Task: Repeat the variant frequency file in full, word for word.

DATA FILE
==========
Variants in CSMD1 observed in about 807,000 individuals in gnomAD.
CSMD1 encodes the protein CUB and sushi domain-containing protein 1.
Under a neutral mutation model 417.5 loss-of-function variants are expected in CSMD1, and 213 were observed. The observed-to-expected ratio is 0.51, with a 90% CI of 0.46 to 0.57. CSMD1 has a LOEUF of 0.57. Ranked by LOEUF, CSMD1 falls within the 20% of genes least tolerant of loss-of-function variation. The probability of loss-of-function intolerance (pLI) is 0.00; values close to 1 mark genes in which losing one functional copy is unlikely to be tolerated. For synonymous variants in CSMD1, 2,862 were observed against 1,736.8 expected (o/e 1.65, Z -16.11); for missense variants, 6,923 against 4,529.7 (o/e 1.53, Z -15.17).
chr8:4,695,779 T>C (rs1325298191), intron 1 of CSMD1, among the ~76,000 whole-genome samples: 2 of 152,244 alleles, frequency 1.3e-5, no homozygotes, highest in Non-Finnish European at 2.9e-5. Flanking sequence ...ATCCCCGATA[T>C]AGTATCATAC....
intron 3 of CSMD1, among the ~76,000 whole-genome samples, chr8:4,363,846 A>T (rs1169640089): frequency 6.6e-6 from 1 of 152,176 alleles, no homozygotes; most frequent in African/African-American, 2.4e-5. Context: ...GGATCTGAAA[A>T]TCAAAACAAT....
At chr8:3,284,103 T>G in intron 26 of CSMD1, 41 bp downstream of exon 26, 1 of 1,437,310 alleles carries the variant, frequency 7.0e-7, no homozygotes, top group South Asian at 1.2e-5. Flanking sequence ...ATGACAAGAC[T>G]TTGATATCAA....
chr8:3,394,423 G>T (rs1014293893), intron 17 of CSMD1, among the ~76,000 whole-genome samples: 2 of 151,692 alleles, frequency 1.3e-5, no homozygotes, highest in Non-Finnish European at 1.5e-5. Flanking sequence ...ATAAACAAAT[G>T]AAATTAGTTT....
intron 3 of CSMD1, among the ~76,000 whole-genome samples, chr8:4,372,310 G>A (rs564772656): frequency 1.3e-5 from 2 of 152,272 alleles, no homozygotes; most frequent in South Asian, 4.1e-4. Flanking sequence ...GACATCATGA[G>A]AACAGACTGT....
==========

Variants in CSMD1 observed in about 807,000 individuals in gnomAD.
CSMD1 encodes the protein CUB and sushi domain-containing protein 1.
Under a neutral mutation model 417.5 loss-of-function variants are expected in CSMD1, and 213 were observed. The observed-to-expected ratio is 0.51, with a 90% CI of 0.46 to 0.57. CSMD1 has a LOEUF of 0.57. Ranked by LOEUF, CSMD1 falls within the 20% of genes least tolerant of loss-of-function variation. The probability of loss-of-function intolerance (pLI) is 0.00; values close to 1 mark genes in which losing one functional copy is unlikely to be tolerated. For synonymous variants in CSMD1, 2,862 were observed against 1,736.8 expected (o/e 1.65, Z -16.11); for missense variants, 6,923 against 4,529.7 (o/e 1.53, Z -15.17).
chr8:4,695,779 T>C (rs1325298191), intron 1 of CSMD1, among the ~76,000 whole-genome samples: 2 of 152,244 alleles, frequency 1.3e-5, no homozygotes, highest in Non-Finnish European at 2.9e-5. Flanking sequence ...ATCCCCGATA[T>C]AGTATCATAC....
intron 3 of CSMD1, among the ~76,000 whole-genome samples, chr8:4,363,846 A>T (rs1169640089): frequency 6.6e-6 from 1 of 152,176 alleles, no homozygotes; most frequent in African/African-American, 2.4e-5. Context: ...GGATCTGAAA[A>T]TCAAAACAAT....
At chr8:3,284,103 T>G in intron 26 of CSMD1, 41 bp downstream of exon 26, 1 of 1,437,310 alleles carries the variant, frequency 7.0e-7, no homozygotes, top group South Asian at 1.2e-5. Flanking sequence ...ATGACAAGAC[T>G]TTGATATCAA....
chr8:3,394,423 G>T (rs1014293893), intron 17 of CSMD1, among the ~76,000 whole-genome samples: 2 of 151,692 alleles, frequency 1.3e-5, no homozygotes, highest in Non-Finnish European at 1.5e-5. Flanking sequence ...ATAAACAAAT[G>T]AAATTAGTTT....
intron 3 of CSMD1, among the ~76,000 whole-genome samples, chr8:4,372,310 G>A (rs564772656): frequency 1.3e-5 from 2 of 152,272 alleles, no homozygotes; most frequent in South Asian, 4.1e-4. Flanking sequence ...GACATCATGA[G>A]AACAGACTGT....